U.S. Marines – United States Marine Corps

Poolees Experience Life in the Marines

Sgt. Jason Abel, recruiter, walks between the two squads of poolees and gives final instructions prior to the five-mile infantry patrol. Photo by: Sgt. Jim Goodwin

Sgt. Jason Abel, recruiter, walks between the two squads of poolees and gives final instructions prior to the five-mile infantry patrol. Photo by: Sgt. Jim Goodwin

“If it ain’t rainin’, we ain’t trainin'” – a motto many Marines live by when “toughing” out training in less than ideal weather conditions.

For poolees of Recruiting Substation Clarksville, In., working in less than ideal weather conditions meant spending two-days conducting field-training operations in the cold, rainy and muddy grounds of central Kentucky March 9-10 during a monthly pool function.

“If your poolees show up to something like this, they’re less likely to back out when it comes time to go to boot camp,” said Sgt. James Morgan, noncommissioned officer in charge of RSS Clarksville.

qualities during recruit training, such as self-discipline, honor, courage and commitment.

“I’ll expect that I’ll feel like I really belong to something, and I’ve never felt like that before,” said Gross.

Teamwork is perhaps the most single important value recruits learn at recruit training. Without it, recruits could not complete the Crucible – the defining moment during boot camp that requires them to complete obstacles and solve problems as a team in a 54-hour period without the benefits of adequate sleep and food.

“That’s what we want them to know before they get to boot camp – how to work as a team,” said Araballo.

The intent of the two-day evolution, which involved a wide variety of field-survival classes, operations and physical fitness training, was merely to give the future Marines of RSS Clarksville a taste of life “in the field,” similar to what they’ll undergo during their 13 weeks of training at Marine Corps Recruit Training Depot Parris Island, S.C.

From classes on applying camouflage face paint to properly building a fighting position and conducting infantry patrols, poolees were taught the in’s and out’s of what to expect during recruit training.
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As for the weather, that just made it all the more challenging, according to Hanover, In., native Scott Gross, who shipped for recruit training at the end of last month.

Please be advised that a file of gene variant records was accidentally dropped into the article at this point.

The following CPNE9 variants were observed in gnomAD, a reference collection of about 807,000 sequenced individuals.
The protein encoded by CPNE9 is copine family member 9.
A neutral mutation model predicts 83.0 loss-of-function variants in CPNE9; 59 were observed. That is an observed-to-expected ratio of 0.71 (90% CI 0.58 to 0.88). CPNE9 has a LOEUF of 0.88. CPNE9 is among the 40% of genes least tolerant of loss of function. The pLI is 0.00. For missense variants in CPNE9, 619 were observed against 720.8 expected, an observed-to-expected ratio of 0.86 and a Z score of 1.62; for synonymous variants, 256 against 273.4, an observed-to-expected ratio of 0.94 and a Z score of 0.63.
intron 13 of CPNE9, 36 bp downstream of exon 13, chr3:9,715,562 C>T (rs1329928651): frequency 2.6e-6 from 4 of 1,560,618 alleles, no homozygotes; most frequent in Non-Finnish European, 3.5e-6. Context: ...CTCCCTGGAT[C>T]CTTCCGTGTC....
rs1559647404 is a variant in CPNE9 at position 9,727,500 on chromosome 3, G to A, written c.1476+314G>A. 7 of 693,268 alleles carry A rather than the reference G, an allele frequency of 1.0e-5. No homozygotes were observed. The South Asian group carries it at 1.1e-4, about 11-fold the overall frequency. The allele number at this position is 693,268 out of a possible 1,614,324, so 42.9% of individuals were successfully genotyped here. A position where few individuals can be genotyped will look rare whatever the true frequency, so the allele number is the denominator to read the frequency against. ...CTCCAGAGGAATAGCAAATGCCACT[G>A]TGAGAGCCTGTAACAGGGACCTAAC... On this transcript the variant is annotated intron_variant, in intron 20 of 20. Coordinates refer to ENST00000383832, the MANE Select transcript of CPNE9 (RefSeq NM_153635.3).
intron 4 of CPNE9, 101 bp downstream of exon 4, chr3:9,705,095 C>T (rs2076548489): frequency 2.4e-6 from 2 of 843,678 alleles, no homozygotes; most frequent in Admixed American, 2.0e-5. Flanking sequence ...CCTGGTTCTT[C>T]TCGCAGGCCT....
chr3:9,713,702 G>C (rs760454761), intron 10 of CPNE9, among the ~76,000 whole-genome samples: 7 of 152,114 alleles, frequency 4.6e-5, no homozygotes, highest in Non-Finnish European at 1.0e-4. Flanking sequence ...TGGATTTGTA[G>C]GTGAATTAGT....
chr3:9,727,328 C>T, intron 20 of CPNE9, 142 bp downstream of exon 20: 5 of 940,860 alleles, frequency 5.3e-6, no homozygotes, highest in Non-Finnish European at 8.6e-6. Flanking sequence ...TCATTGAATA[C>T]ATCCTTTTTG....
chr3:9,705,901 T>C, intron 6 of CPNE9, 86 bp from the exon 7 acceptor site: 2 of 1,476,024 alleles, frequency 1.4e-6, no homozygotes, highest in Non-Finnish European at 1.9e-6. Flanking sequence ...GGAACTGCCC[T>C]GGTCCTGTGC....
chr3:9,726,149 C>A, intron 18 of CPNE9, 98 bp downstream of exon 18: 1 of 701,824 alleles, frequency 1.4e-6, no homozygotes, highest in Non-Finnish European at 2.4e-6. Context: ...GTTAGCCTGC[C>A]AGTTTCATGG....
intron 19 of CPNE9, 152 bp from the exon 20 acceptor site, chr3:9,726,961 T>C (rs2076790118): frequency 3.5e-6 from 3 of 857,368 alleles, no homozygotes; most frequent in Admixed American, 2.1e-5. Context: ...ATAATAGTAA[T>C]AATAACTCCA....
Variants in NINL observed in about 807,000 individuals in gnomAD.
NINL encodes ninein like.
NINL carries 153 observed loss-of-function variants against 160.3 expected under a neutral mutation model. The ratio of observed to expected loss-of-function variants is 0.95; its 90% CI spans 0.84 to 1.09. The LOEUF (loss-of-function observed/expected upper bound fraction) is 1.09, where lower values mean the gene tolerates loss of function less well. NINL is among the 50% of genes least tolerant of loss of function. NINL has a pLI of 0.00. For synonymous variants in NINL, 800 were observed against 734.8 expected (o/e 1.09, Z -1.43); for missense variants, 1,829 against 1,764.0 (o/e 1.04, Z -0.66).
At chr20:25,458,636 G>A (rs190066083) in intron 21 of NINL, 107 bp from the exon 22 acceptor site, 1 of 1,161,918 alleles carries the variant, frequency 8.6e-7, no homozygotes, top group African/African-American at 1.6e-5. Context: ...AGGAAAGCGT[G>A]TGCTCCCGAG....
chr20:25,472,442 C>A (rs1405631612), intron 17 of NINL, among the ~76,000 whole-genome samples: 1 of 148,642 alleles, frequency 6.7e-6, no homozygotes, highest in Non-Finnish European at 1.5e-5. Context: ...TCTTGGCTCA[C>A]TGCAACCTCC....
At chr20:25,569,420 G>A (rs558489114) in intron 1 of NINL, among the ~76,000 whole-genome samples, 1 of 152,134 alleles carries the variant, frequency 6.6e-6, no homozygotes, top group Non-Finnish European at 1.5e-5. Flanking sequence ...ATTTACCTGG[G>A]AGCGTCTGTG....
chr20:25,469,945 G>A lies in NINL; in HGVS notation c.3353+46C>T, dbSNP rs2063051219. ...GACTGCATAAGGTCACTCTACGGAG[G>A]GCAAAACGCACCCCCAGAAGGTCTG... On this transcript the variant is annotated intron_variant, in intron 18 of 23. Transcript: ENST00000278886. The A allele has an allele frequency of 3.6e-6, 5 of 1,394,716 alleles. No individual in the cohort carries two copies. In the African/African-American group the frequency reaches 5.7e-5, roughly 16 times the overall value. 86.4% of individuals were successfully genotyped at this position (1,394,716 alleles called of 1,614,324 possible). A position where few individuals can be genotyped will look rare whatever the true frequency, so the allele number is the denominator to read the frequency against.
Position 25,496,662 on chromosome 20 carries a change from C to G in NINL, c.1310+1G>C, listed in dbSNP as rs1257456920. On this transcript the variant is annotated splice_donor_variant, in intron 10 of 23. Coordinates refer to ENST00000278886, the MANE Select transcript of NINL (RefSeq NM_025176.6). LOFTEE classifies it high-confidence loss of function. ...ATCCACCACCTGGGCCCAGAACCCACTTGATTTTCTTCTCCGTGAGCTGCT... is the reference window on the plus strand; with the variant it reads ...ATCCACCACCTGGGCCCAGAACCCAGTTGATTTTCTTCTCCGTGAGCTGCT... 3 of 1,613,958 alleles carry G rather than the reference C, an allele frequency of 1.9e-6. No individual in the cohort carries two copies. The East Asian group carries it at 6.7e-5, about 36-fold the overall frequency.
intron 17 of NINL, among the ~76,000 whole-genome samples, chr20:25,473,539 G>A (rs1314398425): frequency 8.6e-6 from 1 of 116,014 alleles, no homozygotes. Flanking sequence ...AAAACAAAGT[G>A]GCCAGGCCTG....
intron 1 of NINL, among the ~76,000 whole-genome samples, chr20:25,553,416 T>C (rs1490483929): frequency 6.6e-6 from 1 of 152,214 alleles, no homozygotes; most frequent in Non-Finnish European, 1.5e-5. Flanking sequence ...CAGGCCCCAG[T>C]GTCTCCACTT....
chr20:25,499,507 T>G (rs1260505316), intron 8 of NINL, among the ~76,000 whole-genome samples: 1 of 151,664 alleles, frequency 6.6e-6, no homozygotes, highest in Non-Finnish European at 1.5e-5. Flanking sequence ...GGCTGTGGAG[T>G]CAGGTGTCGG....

“When I first heard about it [field meet], I was like, ‘Oh man, I really don’t feel like going out in the cold.’ But once I started doing it, it wasn’t to bad at all,” said Gross, who’ll train in Explosive Ordinance Disposal following graduation from recruit training.

Morgan and his three canvassing recruiters chose to conduct mostly infantry-style training during the field meet not only to relate to what the poolees would learn as recruits at Parris Island, but also to present a bit of a mental and physical challenge as well.

“A lot of times they’ve [poolees] been sheltered, and we’re out here to show them what being a Marine really is,” said Sgt. Lorenzo Araballo, a recruiter who’s an infantryman in the fleet.

Following a full day and night of patrols, digging fighting trenches and conducting classes, the poolees woke up bright and early to conduct a physical fitness test.

The day ended with an “egg” war where poolees were broken up into two squads – one defensive, one offensive – and unleashed upon one another utilizing the training they received.

The winning squad of the weekend’s events had the choice of either being treated to a restaurant of their choice by the Marines or scheduling another trip to the field.

The decision was unanimous: back to the field.

While such training may not sound very appealing to some people, for 18-year-old Cliff Anderson, his experience with RSS Clarksville was the icing on the cake on his decision to enlist.

“This stuff just makes you stronger,” said Anderson, who enlisted less than two weeks following the event.

“Once you get that intensity inside of you, you’re up for anything, and you just want to do it and keep going,” added Gross.


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